Title: Root Magic by Eden Royce
Publisher: Walden Pond Press (a Harper Collins Imprint)
Recommended Grades: 3-7
This post is part of the Root Magic blog tour. Thank you to Walden Pond Press for the opportunity to amplify this special and important book.
Book Description Debut author Eden Royce arrives with a wondrous story of love, bravery, friendship, and family, filled to the brim with magic great and small.
It’s 1963, and things are changing for Jezebel Turner. Her beloved grandmother has just passed away. The local police deputy won’t stop harassing her family. With school integration arriving in South Carolina, Jez and her twin brother, Jay, are about to begin the school year with a bunch of new kids. But the biggest change comes when Jez and Jay turn eleven— and their uncle, Doc, tells them he’s going to train them in root work.
Jez and Jay have always been fascinated by the African American folk magic that has been the legacy of their family for generations—especially the curious potions and powders Doc and Gran would make for the people on their island. But Jez soon finds out that her family’s true power goes far beyond small charms and elixirs…and not a moment too soon. Because when evil both natural and supernatural comes to show itself in town, it’s going to take every bit of the magic she has inside her to see her through.
“A poignant, necessary entry into the children’s literary canon, Root Magic brings to life the history and culture of Gullah people while highlighting the timeless plight of Black Americans. Add in a fun, magical adventure and you get everything I want in a book!”—Justina Ireland, New York Times bestselling author of Dread Nation
“I’ve written this book really just to explore stories I grew up hearing from my family members. I wanted to put out work that is very Southern, but also says that the Black experience isn’t a monolith. There are variations,” Royce said. (Read more via Charleston City Paper)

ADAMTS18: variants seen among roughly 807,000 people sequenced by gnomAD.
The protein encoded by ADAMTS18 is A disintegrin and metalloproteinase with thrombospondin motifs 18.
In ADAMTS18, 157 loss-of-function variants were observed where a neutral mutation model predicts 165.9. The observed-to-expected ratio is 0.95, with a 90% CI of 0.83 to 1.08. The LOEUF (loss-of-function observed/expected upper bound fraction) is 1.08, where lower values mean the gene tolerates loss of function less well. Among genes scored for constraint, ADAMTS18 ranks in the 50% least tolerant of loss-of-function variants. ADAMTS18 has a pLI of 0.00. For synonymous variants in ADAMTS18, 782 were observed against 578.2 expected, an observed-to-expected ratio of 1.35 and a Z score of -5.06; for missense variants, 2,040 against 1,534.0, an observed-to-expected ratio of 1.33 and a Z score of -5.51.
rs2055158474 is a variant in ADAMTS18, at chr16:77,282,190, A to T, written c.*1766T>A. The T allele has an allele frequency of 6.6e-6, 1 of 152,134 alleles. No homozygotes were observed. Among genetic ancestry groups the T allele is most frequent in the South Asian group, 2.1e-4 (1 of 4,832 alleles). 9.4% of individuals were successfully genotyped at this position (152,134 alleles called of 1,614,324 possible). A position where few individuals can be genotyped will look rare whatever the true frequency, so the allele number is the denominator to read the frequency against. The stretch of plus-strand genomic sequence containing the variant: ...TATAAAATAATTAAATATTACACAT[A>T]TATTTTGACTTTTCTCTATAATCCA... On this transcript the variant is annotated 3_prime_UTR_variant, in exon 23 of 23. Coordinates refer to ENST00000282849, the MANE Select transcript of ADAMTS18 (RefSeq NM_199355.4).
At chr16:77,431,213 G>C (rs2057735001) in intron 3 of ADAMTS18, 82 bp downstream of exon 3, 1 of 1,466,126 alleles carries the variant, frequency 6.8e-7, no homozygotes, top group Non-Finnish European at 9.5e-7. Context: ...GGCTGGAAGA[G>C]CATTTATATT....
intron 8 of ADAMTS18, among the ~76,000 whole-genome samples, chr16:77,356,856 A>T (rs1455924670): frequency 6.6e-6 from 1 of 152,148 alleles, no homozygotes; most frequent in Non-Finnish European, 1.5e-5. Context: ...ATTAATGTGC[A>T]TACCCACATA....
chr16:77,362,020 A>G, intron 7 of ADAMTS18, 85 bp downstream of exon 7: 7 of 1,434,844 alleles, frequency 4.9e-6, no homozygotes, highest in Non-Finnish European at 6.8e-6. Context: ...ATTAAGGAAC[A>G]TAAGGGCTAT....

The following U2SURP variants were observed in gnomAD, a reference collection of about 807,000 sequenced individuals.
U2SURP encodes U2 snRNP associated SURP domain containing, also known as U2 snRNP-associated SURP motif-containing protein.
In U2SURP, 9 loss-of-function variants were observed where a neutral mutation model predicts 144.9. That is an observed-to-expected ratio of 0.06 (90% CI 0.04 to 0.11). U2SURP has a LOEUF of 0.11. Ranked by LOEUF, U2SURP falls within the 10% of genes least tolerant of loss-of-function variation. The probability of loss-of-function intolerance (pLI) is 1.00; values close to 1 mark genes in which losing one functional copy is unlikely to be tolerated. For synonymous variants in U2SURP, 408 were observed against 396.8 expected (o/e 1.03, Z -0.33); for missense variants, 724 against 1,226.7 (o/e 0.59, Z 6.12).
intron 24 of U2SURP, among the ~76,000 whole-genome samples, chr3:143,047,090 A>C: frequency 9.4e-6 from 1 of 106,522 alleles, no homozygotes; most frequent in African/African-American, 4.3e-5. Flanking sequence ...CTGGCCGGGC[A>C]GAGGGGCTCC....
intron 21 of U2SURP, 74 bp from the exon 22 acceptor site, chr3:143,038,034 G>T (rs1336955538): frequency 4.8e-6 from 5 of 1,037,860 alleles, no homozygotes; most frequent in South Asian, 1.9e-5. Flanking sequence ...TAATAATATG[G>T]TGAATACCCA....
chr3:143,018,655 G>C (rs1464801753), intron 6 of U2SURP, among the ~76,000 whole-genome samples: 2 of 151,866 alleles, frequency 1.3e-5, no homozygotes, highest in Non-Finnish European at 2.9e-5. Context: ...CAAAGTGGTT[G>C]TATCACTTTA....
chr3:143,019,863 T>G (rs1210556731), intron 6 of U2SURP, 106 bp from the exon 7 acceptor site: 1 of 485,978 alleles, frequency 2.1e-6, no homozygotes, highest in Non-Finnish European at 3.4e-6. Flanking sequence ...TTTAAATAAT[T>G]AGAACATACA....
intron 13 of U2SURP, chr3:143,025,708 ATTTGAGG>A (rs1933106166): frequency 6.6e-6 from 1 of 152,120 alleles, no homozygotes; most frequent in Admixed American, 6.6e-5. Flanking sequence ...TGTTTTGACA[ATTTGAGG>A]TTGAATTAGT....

Just like you, I grew up seeing root work, African traditions, and African culture depicted in negative and often times scary ways on television and in print. Those images burned a belief into my mind that would take years to unravel, but I imagine, that was the plan. Root work is much more than what's depicted in media. It's a tradition, a culture, a spiritual practice that is meant for good. Like any religion or practice, there will be people who abuse it and use it for negative. Unfortunately, that aspect is the one that most often makes it into the limelight.
Eden Royce recently penned an essay on the We Need Diverse Books blog where she writes,
"I wanted to read a book that showed the original intent of conjure magic: Protection, fostering community, healing our bodies, our minds, and our hearts."
That book (especially for middle grade readers) did not exist, so she wrote it, and it does not disappoint. I loved the historical references and how the book touched on important topics like racism and integration as a part of the story, without being the whole of the story. Gullah Geechee culture was at the forefront of the story and was a huge draw for me. Some people may find some of the details about root work too much (rituals, etc.). That's something to take into account. For me, it was just the right amount of reality without being too much for a middle grade reader who's into fantasy and magic.